Perfect Your Squat Technique With the Unloaded Squat

Having trouble learning how to Squat? Try an Unloaded Squat.

Sometimes, even an athlete's own body weight is too much to Squat, especially with proper Squat form. So what do you do?

You need to use less weight, just like you would strip weight off the bar if the resistance was too heavy. But how do you do this if you're only using your body weight? You unload it.

You can unload (or effectively reduce) your body weight by using a resistance band. The band allows you to control the descent into the Squat and remain upright without compromising the position of your knees or hips. We have had great success using a resistance band as an alternative method to teach inexperienced and/or overweight athletes how to Squat with perfect form. Check out the video player above for a demonstration.

The Set-Up

  • Place the pins or J-Cups on a squat rack just below hip level.
  • Attach a band from one side to the other to create a "hammock" in the rack.
  • Set up for the Squat so the band is behind you.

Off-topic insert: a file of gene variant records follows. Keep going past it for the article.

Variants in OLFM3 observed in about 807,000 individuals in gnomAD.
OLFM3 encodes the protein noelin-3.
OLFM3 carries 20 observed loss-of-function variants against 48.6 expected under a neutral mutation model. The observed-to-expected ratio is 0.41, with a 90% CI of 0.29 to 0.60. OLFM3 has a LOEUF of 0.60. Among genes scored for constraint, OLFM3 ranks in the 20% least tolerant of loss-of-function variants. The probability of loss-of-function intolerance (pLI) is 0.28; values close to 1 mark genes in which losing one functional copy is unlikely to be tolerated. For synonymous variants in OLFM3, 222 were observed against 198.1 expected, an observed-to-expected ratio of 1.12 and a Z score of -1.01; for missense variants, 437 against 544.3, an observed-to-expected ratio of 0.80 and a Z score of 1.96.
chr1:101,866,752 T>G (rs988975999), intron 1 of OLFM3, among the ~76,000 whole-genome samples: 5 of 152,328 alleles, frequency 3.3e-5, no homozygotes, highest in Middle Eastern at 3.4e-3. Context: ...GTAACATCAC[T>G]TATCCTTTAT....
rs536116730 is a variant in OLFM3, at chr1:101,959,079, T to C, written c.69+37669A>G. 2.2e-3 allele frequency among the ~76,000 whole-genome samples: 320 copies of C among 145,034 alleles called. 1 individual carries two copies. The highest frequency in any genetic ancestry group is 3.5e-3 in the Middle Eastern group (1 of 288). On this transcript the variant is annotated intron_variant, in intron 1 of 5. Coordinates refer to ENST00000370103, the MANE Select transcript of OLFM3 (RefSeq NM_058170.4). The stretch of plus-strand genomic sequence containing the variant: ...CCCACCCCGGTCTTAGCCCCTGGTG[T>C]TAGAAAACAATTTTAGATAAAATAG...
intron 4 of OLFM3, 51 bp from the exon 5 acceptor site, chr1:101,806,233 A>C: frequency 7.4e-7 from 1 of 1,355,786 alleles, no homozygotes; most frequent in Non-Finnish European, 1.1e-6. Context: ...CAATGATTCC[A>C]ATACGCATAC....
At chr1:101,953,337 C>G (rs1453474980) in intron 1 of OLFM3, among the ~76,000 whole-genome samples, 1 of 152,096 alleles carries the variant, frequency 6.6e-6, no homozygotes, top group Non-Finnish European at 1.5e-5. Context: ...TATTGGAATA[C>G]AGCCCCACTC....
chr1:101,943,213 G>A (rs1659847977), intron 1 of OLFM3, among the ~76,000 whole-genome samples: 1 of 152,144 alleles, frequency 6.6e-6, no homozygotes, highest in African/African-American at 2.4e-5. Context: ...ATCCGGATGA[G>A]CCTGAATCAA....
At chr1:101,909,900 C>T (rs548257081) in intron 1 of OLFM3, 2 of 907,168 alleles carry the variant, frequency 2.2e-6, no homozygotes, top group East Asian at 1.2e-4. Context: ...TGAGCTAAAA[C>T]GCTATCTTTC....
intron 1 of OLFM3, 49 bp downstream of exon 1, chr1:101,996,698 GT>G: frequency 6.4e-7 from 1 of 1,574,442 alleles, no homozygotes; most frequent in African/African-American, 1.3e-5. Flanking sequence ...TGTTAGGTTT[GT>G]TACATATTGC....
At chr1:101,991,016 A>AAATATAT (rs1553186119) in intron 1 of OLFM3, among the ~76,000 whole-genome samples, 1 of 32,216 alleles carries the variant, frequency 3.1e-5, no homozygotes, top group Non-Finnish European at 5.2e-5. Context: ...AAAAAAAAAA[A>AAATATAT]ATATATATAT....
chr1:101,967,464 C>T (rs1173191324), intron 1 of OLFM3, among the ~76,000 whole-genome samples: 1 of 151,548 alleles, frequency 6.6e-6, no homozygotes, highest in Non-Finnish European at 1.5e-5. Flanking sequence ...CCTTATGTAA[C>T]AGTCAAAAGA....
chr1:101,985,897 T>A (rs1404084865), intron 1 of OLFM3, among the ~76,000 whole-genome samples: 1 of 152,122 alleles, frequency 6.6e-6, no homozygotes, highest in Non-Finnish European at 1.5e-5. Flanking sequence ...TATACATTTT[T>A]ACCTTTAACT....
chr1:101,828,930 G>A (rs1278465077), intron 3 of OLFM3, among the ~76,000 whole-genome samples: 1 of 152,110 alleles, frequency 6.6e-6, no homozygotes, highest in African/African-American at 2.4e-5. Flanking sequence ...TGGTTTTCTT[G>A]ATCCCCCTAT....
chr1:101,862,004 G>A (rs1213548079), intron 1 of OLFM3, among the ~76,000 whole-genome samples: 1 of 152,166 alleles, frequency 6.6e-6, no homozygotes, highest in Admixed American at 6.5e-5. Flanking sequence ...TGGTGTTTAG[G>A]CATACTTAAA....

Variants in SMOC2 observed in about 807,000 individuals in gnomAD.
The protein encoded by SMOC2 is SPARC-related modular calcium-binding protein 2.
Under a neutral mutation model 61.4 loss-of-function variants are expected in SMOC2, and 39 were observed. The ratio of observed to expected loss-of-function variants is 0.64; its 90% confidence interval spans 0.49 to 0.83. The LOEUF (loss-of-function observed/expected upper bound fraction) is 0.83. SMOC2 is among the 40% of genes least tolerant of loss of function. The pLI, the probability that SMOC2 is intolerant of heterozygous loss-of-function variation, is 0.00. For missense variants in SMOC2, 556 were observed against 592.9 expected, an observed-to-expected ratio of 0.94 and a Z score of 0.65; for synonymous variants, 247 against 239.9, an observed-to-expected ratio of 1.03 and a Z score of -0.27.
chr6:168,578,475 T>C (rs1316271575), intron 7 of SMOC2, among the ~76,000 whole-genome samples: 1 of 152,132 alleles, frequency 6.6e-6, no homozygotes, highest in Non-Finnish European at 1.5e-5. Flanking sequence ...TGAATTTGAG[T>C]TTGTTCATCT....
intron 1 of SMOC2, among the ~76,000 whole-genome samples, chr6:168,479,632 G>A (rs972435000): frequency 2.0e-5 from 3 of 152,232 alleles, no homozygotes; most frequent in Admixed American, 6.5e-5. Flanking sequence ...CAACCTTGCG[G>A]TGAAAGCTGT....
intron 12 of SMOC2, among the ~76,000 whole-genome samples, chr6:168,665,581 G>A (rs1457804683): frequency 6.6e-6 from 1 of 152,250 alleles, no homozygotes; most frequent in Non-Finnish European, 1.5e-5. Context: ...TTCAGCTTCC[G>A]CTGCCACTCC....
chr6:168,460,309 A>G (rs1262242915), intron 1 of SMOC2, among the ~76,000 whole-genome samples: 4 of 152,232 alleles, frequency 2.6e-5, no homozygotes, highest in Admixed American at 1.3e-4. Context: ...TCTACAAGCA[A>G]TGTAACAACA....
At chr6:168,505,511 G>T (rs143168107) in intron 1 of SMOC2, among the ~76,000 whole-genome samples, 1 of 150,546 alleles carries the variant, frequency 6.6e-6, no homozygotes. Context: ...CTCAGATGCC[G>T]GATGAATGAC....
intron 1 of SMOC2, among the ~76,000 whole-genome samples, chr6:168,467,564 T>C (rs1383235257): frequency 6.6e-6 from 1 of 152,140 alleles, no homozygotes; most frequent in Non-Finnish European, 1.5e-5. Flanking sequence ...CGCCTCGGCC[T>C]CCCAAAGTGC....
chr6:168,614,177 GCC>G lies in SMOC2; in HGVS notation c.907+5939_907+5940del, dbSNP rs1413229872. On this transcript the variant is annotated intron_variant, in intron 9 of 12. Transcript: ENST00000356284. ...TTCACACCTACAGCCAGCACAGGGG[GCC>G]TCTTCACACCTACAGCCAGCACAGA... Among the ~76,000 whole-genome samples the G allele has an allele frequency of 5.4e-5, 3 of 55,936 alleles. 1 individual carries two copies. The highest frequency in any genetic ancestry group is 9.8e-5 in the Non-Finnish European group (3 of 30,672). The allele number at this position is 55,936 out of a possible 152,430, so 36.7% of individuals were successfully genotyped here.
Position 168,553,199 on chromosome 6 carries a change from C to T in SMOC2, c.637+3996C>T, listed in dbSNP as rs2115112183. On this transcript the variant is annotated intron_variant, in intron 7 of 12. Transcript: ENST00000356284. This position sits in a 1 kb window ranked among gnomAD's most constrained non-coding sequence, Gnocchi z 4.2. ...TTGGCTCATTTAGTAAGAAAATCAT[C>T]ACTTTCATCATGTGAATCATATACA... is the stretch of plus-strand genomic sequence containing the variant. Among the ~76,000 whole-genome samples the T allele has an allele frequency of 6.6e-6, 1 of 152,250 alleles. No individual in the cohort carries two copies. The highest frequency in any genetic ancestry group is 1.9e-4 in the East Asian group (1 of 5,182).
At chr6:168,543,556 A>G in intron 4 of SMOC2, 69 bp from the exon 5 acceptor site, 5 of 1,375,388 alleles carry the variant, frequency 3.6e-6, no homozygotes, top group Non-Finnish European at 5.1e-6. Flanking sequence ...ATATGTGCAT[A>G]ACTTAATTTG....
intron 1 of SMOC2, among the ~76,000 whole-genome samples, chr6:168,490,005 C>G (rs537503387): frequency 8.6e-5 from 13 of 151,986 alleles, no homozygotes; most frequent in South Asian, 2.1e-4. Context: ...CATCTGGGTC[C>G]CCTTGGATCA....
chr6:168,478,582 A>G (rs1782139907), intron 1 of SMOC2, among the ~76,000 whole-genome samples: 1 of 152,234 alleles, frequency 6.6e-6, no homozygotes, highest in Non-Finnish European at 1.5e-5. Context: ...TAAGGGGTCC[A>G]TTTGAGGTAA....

• Lower into the Squat, sitting on the band. Maintain an upright posture, keeping your knees, ankles and feet aligned.
  • Use a tempo of two seconds down, two-second pause at the bottom and one second up.

Notes:

  • Start with a heavy band to reduce the load resistance; then gradually reduce the thickness of the band until you can do a perfect Squat without help.
  • To make the exercise more difficult, increase the number of reps or duration of the pause.
  • Be careful not to progress too quickly; your focus should be on developing good Squat form.
  • This is a controlled movement with a pause at the bottom; to develop the eccentric and isometric strength required to reach and maintain the bottom position, it's important to maintain the tempo.

Topics: SQUAT | EXERCISE | BODY WEIGHT | POSTURE | SQUAT RACK | OVERWEIGHT

Ryan Obernesser Ryan Obernesser - Ryan Obernesser is the owner and head strength coach at O.B. Training & Sports Performance in Utica, New York. He is a Certified Strength and Conditioning Specialist through the NSCA, and he holds degrees in Exercise Science and Psychology. His passion for sports performance and fitness drives h
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